Atomic meltdown in Japan, war in Libya, famine in Africa, loods in Australia, bankrupt sta- tes in Europe. The daily news is full of crises and catastrophes. A disaster at every turn. It is hard to close your eyes, but it is also dificult to understand, to understand that humanity has been overtaken, overtaken by the progresses in technology it has accomplished, from never-ending growth, from the ever further, faster, better and cheaper. We drive fast cars, shop and consume. But the price of our prosperity, for the world we made for ourselves from nuclear power stations, aeroplanes and the internet, is high.
Global social inequality is growing. Globalisation is not living up to its promise that the whole world would beneit from borderless interaction. There are winners and losers, but more and more often even the winners are losing out. Even the catastrophes in the world have become globalised. When loans or securities are sold in America, when the environment in Japan becomes contaminated by radiation, when a tdhicet awtohro lreu lweso rwldit.h Maenr ikreoln, iOsbta imn aL ibaynad, iSt aarfkfeocztys. They show sympathy, promise aid, put together rescue packages and throw bombs. Modern crisis management: save what can be saved in retrospect.
When will the world wake up? When will Europe wake up?
Europe is a prime example for the recognition that together is better than alone. It is a paradox that in a world in which national problems become global ones and no country is truly independent, national interests take precedence over shared and responsible policies. But this paradox is all around us. Europe is at most an example for the recognition, that together is stronger. How often it is lacking though in practice.
Europe can only be successful as a project when national interests are placed below common interests in priority. European integration must not be limited to the economic sort. Europe must act with one voice for the climate and human rights. But this doesn‘t work, as long as France and Germany protect their automobile industries. Political goals must not be oriented only according to economic growth. We need to get away from this growth-obsession.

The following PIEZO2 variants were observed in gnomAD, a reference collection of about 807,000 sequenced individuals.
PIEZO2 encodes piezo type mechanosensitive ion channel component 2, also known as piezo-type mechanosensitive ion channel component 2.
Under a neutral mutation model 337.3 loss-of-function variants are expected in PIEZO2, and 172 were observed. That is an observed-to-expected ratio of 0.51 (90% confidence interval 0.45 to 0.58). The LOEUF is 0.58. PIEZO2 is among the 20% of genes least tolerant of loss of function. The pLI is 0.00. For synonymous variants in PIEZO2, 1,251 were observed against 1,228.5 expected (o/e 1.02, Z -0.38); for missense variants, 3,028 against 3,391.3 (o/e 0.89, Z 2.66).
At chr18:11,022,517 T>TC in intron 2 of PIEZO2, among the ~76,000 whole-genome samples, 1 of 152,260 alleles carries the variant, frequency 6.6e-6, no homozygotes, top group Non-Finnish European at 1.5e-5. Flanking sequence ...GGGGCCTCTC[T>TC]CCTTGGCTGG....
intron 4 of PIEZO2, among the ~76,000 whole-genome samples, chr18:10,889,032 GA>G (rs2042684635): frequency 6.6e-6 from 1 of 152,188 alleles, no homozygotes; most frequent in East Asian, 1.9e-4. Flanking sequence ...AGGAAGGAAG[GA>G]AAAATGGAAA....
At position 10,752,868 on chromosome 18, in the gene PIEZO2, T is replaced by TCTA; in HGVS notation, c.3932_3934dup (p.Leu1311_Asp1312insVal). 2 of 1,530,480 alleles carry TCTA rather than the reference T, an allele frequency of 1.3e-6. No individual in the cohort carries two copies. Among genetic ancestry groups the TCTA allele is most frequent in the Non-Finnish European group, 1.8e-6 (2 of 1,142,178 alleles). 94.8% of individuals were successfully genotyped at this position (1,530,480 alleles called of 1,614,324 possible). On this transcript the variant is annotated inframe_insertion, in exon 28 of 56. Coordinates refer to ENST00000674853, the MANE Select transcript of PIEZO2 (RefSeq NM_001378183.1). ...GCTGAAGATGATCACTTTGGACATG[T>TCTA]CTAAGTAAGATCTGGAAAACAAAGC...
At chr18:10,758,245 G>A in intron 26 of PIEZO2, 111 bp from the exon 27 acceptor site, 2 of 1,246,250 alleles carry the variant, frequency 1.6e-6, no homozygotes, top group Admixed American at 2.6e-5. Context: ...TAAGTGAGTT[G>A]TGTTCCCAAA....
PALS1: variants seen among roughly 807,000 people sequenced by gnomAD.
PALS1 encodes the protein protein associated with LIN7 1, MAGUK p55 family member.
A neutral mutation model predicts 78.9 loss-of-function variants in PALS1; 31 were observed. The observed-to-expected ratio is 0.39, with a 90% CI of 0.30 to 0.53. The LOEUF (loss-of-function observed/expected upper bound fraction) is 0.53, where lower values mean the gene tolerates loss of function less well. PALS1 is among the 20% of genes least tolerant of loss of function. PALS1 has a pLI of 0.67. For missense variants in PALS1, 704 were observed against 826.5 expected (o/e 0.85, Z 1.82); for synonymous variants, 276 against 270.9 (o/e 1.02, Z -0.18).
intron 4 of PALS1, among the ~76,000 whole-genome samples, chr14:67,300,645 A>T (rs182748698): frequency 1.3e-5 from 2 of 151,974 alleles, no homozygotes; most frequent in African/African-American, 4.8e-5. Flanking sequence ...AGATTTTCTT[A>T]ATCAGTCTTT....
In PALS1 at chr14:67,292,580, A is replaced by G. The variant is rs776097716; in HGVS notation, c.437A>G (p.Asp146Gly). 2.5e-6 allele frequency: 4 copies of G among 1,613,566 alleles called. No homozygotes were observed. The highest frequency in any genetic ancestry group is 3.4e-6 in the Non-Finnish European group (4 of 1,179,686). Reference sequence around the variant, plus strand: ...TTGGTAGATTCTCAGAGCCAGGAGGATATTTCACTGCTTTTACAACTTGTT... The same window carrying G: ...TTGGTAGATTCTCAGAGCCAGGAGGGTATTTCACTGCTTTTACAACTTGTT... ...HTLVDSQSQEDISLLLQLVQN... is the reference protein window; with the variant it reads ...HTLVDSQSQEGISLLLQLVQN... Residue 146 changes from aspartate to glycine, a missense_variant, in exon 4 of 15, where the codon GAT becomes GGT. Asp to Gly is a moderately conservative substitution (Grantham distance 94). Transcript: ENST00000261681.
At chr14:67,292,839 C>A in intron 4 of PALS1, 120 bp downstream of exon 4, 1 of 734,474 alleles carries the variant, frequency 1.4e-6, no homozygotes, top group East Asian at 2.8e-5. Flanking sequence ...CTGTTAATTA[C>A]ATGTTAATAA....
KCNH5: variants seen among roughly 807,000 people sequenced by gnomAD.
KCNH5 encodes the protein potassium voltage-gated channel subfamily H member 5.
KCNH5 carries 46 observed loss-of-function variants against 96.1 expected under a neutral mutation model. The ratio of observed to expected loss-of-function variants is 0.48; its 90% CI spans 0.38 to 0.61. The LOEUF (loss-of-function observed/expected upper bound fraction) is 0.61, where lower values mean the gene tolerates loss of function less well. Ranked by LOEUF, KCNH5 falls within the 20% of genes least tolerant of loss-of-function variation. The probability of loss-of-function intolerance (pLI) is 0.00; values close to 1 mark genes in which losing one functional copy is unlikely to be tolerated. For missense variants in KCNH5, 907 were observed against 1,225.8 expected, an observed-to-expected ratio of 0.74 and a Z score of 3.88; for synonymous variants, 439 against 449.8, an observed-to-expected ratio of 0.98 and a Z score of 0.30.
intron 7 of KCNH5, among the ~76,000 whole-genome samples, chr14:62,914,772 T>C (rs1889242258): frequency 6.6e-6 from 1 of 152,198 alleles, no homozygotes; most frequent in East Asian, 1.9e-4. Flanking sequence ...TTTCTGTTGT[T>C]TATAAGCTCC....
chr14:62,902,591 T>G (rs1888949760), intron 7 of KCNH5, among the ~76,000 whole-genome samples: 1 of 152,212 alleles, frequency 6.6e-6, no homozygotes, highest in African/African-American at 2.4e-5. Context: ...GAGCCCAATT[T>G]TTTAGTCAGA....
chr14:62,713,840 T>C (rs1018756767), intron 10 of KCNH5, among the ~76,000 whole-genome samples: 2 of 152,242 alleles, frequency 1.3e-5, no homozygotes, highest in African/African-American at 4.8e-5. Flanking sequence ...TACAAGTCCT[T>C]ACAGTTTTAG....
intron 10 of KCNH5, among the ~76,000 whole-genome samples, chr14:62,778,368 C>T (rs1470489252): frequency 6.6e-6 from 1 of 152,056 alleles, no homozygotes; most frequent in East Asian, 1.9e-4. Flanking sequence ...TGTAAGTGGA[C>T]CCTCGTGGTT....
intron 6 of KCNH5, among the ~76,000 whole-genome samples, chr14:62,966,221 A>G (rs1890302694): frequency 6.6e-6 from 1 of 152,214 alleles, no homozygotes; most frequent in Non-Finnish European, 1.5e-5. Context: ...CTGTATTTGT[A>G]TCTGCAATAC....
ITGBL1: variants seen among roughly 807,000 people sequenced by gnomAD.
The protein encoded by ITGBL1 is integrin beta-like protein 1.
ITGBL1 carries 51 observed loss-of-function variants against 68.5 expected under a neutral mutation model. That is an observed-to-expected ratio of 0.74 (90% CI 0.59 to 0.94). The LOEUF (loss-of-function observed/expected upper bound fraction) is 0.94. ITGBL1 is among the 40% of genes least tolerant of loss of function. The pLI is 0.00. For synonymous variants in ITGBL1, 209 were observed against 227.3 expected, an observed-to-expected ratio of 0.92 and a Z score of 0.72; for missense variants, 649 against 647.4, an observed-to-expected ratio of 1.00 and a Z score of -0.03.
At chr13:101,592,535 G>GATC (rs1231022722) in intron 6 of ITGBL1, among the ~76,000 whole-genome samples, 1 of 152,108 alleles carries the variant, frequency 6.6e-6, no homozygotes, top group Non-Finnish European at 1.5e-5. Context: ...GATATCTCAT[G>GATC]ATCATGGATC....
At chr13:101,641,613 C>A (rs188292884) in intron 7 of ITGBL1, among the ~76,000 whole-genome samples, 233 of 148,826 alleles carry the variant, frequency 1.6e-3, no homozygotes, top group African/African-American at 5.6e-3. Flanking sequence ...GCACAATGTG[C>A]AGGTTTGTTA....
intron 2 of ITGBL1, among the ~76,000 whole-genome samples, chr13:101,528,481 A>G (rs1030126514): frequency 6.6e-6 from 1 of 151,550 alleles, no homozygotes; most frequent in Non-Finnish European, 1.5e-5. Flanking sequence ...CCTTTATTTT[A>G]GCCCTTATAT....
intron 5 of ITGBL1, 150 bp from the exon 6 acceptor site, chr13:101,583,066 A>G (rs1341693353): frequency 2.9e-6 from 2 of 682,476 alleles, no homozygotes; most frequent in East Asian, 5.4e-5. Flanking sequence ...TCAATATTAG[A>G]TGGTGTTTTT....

The ecological negligence of the USA and Chi- na is a big problem, but this cannot justify European negligence as well. Europe must act as a leader, speaking with one voice and above all the voice of the European citizens. Europe needs to be communicated and needs political legitimacy. As a mere union of countries with a common market and a gigantic bureaucratic institution, Europe will not reach its potential and will not meet its responsibilities.
The fact that we are so well off in Europe is in part due to the fact that other people in the world are badly off. Our prosperity is based on a particularly steep rate of development, as well as cheap raw materials and protectionism.
There are two reasons why Europe carries a particular responsibility when it comes to the international community: irst due to its modern comforts, the high level of education and suc- cessful democracy. Second due to the suffering produced by our prosperity. Europe must not only act to bring about a better world, but must also let go of some of its own privileges. The protectionism of the European common agricultural policy cannot be maintained indeinitely at the same time as politicians speak of campaigning against hunger and poverty. How can European politicians advocate peace and democracy in North Africa, when before they supported the very same autocrats? We seal our borders, with the word “stability” towering above everything else. What gives Europe the right, though, to turn back uncounted numbers of refugees? What price must be paid for stability, and above all, who will pay this price?
The world is being shaken daily, and with it our gleaming palace. But every day, the facade gets a new coat of paint and only the foundations do not get replaced. How great must the injustice be? How numerous the catastrophes and how great must the danger be, before something changes? The people seem to be slowly awakening and a sense of resistance is stirring. It can only be hoped that this is not suppressed from those seeking power, from economic interests or from the radical adhesion to an ideology doomed to fail.